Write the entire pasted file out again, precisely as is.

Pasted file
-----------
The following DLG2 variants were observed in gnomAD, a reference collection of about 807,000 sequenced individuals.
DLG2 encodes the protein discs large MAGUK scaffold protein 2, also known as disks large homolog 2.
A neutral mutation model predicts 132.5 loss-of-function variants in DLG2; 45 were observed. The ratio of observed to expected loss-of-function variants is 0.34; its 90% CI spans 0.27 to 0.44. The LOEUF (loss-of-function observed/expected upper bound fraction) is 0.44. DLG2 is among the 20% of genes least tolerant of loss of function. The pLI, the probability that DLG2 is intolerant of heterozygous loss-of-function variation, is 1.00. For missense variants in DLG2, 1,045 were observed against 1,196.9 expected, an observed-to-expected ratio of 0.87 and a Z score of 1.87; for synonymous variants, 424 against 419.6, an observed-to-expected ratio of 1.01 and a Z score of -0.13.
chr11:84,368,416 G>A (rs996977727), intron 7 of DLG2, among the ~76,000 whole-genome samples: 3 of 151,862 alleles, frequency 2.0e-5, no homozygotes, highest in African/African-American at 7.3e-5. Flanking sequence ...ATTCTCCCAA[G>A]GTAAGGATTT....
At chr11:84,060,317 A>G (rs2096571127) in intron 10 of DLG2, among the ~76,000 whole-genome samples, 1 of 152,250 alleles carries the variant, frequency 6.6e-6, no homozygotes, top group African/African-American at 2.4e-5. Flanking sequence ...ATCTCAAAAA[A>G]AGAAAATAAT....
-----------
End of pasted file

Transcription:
The following DLG2 variants were observed in gnomAD, a reference collection of about 807,000 sequenced individuals.
DLG2 encodes the protein discs large MAGUK scaffold protein 2, also known as disks large homolog 2.
A neutral mutation model predicts 132.5 loss-of-function variants in DLG2; 45 were observed. The ratio of observed to expected loss-of-function variants is 0.34; its 90% CI spans 0.27 to 0.44. The LOEUF (loss-of-function observed/expected upper bound fraction) is 0.44. DLG2 is among the 20% of genes least tolerant of loss of function. The pLI, the probability that DLG2 is intolerant of heterozygous loss-of-function variation, is 1.00. For missense variants in DLG2, 1,045 were observed against 1,196.9 expected, an observed-to-expected ratio of 0.87 and a Z score of 1.87; for synonymous variants, 424 against 419.6, an observed-to-expected ratio of 1.01 and a Z score of -0.13.
chr11:84,368,416 G>A (rs996977727), intron 7 of DLG2, among the ~76,000 whole-genome samples: 3 of 151,862 alleles, frequency 2.0e-5, no homozygotes, highest in African/African-American at 7.3e-5. Flanking sequence ...ATTCTCCCAA[G>A]GTAAGGATTT....
At chr11:84,060,317 A>G (rs2096571127) in intron 10 of DLG2, among the ~76,000 whole-genome samples, 1 of 152,250 alleles carries the variant, frequency 6.6e-6, no homozygotes, top group African/African-American at 2.4e-5. Flanking sequence ...ATCTCAAAAA[A>G]AGAAAATAAT....